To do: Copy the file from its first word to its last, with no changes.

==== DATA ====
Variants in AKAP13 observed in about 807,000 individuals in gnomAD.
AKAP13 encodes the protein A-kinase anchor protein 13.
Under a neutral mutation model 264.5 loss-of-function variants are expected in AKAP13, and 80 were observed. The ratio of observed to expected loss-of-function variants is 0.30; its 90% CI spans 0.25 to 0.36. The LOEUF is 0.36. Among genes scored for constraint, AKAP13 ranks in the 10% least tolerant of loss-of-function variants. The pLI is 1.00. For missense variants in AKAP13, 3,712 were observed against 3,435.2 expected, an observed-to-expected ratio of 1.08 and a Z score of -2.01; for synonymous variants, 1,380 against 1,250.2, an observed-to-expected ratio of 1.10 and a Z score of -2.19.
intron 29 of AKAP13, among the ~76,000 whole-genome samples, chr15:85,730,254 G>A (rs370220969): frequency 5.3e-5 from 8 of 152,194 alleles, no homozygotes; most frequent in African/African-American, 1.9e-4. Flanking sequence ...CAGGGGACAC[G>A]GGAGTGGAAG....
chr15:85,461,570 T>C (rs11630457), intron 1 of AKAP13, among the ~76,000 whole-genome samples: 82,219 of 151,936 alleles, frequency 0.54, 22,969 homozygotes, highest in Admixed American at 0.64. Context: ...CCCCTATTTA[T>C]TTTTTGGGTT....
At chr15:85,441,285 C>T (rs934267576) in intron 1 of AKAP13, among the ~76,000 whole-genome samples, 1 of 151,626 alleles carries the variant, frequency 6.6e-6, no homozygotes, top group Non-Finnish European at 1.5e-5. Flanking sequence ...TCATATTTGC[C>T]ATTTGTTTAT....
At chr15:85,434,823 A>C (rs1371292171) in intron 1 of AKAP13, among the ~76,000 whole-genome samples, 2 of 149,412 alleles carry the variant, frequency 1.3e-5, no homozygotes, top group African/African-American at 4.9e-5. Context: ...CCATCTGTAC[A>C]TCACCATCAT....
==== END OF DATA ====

Variants in AKAP13 observed in about 807,000 individuals in gnomAD.
AKAP13 encodes the protein A-kinase anchor protein 13.
Under a neutral mutation model 264.5 loss-of-function variants are expected in AKAP13, and 80 were observed. The ratio of observed to expected loss-of-function variants is 0.30; its 90% CI spans 0.25 to 0.36. The LOEUF is 0.36. Among genes scored for constraint, AKAP13 ranks in the 10% least tolerant of loss-of-function variants. The pLI is 1.00. For missense variants in AKAP13, 3,712 were observed against 3,435.2 expected, an observed-to-expected ratio of 1.08 and a Z score of -2.01; for synonymous variants, 1,380 against 1,250.2, an observed-to-expected ratio of 1.10 and a Z score of -2.19.
intron 29 of AKAP13, among the ~76,000 whole-genome samples, chr15:85,730,254 G>A (rs370220969): frequency 5.3e-5 from 8 of 152,194 alleles, no homozygotes; most frequent in African/African-American, 1.9e-4. Flanking sequence ...CAGGGGACAC[G>A]GGAGTGGAAG....
chr15:85,461,570 T>C (rs11630457), intron 1 of AKAP13, among the ~76,000 whole-genome samples: 82,219 of 151,936 alleles, frequency 0.54, 22,969 homozygotes, highest in Admixed American at 0.64. Context: ...CCCCTATTTA[T>C]TTTTTGGGTT....
At chr15:85,441,285 C>T (rs934267576) in intron 1 of AKAP13, among the ~76,000 whole-genome samples, 1 of 151,626 alleles carries the variant, frequency 6.6e-6, no homozygotes, top group Non-Finnish European at 1.5e-5. Flanking sequence ...TCATATTTGC[C>T]ATTTGTTTAT....
At chr15:85,434,823 A>C (rs1371292171) in intron 1 of AKAP13, among the ~76,000 whole-genome samples, 2 of 149,412 alleles carry the variant, frequency 1.3e-5, no homozygotes, top group African/African-American at 4.9e-5. Context: ...CCATCTGTAC[A>C]TCACCATCAT....